Trans-Atlantic Travelogue #15



The Landing Gear is Out. Arrivederci!!

Exeter, England

September 5, 2001

Scoreboard: 13,345 miles; 7 Countries, 20 states










Papa's Pumas


Is there a 20,000 mile warranty on Papa’s Pumas?



Ok, that’s it! We’re comin’ in. It’s been a long and glorious run, and it’s time to recharge the batteries for our next run.


From Horsley we moved west, to Exeter, the point-of-entry to the English Riviera. No, that’s not a term I made up, it’s from the local tourist bureau. That being the case it doesn’t have many of the attributes of the “real” riviera, which is why we’re willing to spend an entire winter here. We stayed at a great camp where the center of youth activity is “the big tree,” and they had a campground bar-b-q and plenty of farm fresh cider on
Fridays.


From here we went down the coast to Plymouth, not much there, promptly came back up here. Exeter is a college town, albeit a somewhat quiet one, and a great location for us to work from.


Winter is coming on fast, we’re currently staying at a bed & breakfast (unimpressed with the “breakfast” I refer to it as a “bed and butter,” it’s also true that I think cold pizza is the only sensible breakfast that there is), and looking for a good seasonal rental through the end of March.


It’s a good town, it’s got a feel that we like. The girls are excited about school, and there are plenty of good winter time side trips to keep us feeling like we’re still on the move. The entire Cornwall coast, Wales, London for Christmas, the Dartmoor Forest, Stonehenge, Glastonbury Tor…all within 150 miles one direction or another.


Dartmoor Forest is especially promising. There’s a university professor, who has been published extensively on the subject of “What’s the Most Influential Novel in the History of Mankind About Devon County?” who puts on his Sherlock Holmes hat every weekend, for the past 30 years, and leads expeditions into the forest. They reenact The Hounds of the Baskervilles as closely as they’re able and I dare say that at some point soon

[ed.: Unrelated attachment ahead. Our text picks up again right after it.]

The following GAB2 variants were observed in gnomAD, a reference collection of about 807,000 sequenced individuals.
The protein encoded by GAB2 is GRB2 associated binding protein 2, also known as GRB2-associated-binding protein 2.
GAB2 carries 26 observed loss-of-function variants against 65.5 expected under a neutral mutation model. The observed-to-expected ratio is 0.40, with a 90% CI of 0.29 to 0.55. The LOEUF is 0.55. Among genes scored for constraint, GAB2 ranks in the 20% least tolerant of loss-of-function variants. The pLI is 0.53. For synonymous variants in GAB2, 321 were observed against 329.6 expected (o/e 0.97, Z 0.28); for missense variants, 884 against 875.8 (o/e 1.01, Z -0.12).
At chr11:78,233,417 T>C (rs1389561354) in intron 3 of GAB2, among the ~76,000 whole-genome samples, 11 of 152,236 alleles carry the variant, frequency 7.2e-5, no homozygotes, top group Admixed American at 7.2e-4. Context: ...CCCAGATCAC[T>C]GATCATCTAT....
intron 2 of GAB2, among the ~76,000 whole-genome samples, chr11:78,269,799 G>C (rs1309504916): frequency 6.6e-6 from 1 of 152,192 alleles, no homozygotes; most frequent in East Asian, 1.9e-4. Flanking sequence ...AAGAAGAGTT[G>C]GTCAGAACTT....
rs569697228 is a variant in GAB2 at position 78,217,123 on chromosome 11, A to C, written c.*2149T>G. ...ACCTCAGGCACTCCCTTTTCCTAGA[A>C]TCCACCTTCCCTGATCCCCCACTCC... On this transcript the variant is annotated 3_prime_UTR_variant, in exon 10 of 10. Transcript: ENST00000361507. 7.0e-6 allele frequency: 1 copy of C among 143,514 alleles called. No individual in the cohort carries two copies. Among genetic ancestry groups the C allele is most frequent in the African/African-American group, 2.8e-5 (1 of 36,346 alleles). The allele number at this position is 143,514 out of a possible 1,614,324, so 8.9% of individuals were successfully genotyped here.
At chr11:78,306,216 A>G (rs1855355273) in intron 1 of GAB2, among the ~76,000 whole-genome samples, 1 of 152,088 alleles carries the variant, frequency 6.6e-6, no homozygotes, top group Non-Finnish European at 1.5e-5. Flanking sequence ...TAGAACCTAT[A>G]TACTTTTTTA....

we’ll join them.


The forest, for the uninitiated, doesn’t have many trees…”It’s pretty bleak,” all the locals say.


I’ve not read The Hounds of the Baskervilles. I did read a brilliant satire in Mad Magazine once entitled The Hounds of Basketballs.


I still have my Louisiana/Washington/California hybrid accent, and Theresa her Arizona/California/Washington, but the girls are starting to sound decidedly British. They’re still learning the language you see, and everyone else around them is saying things like “Really?” in a tone that suggests driving up Mount Everest at breakneck speed in a ’75 Ferrari Berlinetta Boxer.


We like the British. We like the Spanish, the French, the Germans, the Italians, the Danes, the Irish, the Welsh, Americans. We’re happy to be here.


“When will you come back?” It’s never been a question that I’m able to answer. At first I would say, “a few years,” or “whenever Bush or Gore isn’t President.” By the time we got off the boat in Barcelona the standard response was “about ten years.”


I’ve come up with a new, and definitive one.


“When Warren Beatty is President.”


We aren’t enthusiastic about most of what’s going on in the American government, but smart money is that we won’t be terribly impressed with any other governments once we gain enough familiarity to support contempt. Dreamers and idealists never like compromisers, or sell-outs.